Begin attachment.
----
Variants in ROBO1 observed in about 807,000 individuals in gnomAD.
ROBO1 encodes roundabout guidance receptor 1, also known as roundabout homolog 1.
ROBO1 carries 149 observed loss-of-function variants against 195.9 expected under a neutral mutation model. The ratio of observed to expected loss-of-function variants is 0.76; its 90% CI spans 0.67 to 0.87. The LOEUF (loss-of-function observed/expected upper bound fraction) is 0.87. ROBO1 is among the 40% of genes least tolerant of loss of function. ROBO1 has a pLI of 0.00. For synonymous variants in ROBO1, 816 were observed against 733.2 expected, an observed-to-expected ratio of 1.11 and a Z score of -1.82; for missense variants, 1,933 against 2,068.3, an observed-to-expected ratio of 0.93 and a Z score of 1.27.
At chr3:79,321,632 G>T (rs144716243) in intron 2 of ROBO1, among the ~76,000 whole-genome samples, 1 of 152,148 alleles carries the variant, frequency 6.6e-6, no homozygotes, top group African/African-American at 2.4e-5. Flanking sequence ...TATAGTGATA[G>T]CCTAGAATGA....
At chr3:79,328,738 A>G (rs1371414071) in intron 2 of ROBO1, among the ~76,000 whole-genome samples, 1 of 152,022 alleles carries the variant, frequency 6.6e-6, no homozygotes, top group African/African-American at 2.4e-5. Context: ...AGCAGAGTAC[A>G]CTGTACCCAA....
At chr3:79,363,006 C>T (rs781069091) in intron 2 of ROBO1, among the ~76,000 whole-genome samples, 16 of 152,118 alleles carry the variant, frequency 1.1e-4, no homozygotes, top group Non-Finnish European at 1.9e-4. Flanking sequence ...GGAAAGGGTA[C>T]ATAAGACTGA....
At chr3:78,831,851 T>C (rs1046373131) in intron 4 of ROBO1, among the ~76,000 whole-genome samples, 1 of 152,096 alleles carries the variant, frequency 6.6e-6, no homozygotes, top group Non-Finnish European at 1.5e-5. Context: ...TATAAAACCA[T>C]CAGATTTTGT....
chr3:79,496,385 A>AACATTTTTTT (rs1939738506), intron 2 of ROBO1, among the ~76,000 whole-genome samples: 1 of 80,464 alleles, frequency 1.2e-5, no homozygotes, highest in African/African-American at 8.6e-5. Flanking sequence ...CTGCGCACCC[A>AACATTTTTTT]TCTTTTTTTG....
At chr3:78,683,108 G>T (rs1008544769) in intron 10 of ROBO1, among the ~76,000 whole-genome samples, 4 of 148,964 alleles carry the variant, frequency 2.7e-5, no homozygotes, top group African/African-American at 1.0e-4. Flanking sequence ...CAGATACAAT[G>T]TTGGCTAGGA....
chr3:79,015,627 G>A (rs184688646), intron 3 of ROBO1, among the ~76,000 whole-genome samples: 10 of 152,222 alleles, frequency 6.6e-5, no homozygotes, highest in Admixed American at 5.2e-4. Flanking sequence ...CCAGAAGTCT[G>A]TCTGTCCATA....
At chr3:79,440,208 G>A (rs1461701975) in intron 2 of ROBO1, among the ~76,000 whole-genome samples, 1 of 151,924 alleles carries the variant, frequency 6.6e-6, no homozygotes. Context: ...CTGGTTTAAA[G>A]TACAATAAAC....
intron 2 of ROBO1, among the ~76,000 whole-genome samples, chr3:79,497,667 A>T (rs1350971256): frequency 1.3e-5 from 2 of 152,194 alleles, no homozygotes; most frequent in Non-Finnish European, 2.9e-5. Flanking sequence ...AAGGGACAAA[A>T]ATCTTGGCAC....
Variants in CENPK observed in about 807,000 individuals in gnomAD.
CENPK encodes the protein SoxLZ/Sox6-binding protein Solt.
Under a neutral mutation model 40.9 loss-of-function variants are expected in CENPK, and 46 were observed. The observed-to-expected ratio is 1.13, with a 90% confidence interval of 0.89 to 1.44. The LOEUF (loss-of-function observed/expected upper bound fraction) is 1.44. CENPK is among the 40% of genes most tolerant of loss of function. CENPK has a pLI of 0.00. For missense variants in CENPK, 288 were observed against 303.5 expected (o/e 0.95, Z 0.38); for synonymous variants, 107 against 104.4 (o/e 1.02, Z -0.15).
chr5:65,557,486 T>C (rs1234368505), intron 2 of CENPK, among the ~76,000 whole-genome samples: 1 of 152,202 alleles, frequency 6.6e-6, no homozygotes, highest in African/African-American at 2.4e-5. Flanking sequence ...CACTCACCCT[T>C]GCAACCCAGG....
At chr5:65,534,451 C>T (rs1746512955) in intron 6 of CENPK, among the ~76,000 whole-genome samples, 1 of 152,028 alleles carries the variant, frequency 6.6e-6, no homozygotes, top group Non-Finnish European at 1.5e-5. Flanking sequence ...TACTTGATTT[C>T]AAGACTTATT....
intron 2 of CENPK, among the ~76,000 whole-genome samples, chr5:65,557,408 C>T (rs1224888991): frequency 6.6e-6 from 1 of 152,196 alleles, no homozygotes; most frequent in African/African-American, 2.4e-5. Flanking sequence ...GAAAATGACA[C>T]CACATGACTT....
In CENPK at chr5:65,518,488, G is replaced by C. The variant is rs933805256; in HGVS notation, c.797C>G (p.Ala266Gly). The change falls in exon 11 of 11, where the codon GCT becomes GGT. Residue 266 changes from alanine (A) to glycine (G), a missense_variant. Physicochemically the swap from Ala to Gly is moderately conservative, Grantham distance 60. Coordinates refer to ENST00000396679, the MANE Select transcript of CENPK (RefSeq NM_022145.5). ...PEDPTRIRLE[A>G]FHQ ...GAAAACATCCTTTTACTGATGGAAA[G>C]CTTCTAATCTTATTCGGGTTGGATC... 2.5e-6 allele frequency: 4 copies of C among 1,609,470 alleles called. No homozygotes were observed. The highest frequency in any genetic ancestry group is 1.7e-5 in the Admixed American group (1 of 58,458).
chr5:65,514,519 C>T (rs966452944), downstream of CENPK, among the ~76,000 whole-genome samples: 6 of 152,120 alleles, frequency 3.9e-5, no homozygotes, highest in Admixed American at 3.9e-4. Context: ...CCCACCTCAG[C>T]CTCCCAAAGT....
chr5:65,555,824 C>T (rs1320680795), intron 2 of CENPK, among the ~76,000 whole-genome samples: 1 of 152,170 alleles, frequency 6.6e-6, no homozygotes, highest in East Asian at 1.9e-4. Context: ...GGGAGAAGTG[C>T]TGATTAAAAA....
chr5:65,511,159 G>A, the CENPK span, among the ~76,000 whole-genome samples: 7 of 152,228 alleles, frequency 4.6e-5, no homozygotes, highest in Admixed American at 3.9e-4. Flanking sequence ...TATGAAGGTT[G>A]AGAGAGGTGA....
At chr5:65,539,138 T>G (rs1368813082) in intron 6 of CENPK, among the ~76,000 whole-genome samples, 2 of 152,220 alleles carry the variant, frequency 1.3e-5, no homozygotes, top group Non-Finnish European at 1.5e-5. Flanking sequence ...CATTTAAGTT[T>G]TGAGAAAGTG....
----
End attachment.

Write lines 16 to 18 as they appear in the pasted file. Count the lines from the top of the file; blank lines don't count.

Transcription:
chr5:65,557,486 T>C (rs1234368505), intron 2 of CENPK, among the ~76,000 whole-genome samples: 1 of 152,202 alleles, frequency 6.6e-6, no homozygotes, highest in African/African-American at 2.4e-5. Flanking sequence ...CACTCACCCT[T>C]GCAACCCAGG....
At chr5:65,534,451 C>T (rs1746512955) in intron 6 of CENPK, among the ~76,000 whole-genome samples, 1 of 152,028 alleles carries the variant, frequency 6.6e-6, no homozygotes, top group Non-Finnish European at 1.5e-5. Flanking sequence ...TACTTGATTT[C>T]AAGACTTATT....
intron 2 of CENPK, among the ~76,000 whole-genome samples, chr5:65,557,408 C>T (rs1224888991): frequency 6.6e-6 from 1 of 152,196 alleles, no homozygotes; most frequent in African/African-American, 2.4e-5. Flanking sequence ...GAAAATGACA[C>T]CACATGACTT....